Friday, 15 September 2017

Lines of Justice: Aždaja - Lee Sherred - Review and author Q & A

Lines of Justice: Aždaja is the debut novel from Lee Sherred. I first became aware of this author when he joined a Facebook group called Book Connectors and posted a link to his book, describing it as a 'realistic, dark crime thriller' so naturally I clicked the link to find out more. After reading the blurb I was intrigued:

Bound by honour. Driven by revenge. Two men with a score to settle.

Kosovo, 1999:

Sgt Dean Samson and his team of British soldiers are well aware of the dangers they’ll face and the things they’ll see in a country that has suffered years of oppression and ethnic cleansing. But nothing could have prepared them for Aždaja, a sadistic, mythical, serial killer with a penchant for vile humiliation and unimaginable torture.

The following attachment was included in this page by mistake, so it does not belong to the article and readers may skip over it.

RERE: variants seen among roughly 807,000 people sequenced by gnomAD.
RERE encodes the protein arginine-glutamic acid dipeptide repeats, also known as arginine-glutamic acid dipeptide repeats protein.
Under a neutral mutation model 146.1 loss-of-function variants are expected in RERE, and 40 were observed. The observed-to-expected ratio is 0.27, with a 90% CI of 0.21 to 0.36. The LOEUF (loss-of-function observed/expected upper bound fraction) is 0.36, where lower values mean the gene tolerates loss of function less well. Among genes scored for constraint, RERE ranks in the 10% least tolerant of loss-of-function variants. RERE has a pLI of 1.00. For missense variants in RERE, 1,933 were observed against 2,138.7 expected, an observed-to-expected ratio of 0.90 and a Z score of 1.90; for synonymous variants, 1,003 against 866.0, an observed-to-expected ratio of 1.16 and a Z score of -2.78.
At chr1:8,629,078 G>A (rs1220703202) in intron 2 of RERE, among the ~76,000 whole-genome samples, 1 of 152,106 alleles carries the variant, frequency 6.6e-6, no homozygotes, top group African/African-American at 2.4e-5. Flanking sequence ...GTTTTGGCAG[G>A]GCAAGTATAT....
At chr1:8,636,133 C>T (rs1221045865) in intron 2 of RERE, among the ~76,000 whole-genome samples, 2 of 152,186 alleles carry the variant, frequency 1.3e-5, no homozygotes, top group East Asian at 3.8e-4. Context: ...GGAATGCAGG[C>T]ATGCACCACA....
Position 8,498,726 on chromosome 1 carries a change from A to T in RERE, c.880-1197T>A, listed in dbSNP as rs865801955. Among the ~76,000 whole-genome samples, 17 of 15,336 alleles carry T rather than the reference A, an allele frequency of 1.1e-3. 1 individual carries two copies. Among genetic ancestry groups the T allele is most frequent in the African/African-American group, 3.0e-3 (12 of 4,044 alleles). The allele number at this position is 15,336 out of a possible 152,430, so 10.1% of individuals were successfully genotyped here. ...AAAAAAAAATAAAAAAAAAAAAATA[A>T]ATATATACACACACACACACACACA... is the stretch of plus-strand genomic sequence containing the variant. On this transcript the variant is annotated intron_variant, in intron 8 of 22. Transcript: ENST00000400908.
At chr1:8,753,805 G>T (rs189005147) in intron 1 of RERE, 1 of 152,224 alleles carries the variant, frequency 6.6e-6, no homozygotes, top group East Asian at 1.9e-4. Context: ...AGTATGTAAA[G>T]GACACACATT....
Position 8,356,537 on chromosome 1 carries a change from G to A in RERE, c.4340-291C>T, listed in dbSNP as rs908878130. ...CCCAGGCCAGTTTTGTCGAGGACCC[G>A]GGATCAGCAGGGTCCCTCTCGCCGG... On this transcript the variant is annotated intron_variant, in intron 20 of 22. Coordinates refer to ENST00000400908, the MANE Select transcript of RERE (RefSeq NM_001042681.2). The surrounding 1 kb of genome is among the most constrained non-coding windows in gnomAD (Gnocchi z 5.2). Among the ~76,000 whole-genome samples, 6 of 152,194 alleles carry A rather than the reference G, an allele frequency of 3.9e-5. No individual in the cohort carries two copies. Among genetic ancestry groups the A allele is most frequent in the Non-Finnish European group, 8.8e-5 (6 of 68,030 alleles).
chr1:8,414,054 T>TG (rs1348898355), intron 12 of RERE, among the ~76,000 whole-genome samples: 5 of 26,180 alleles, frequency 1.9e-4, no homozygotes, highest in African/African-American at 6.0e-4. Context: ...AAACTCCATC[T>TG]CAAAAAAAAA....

Present day:

Since leaving the Army, Samson now a Police Officer, has struggled to erase his darkest memories of Kosovo. When he receives a devastating medical diagnosis, his nightmares come flooding to the surface, forcing him to face up to what he did….and what he didn’t do. With nothing to lose and no one to stop him, he's at a crossroads. But is he prepared for what lies in wait? Will the horrors of Kosovo return with a vengeance?

I downloaded a sample and the next night I read it and then headed straight back to buy the book the next day!

First things first, this is definitely not a book for you if you're squeamish! The prologue is one of the most shocking/horrific/distressing/sickening/stomach churning (delete where applicable) openings to a book that I think I've ever read. That said, it's not gratuitous violence, it's in keeping with the story and its relevance became clear as I read on.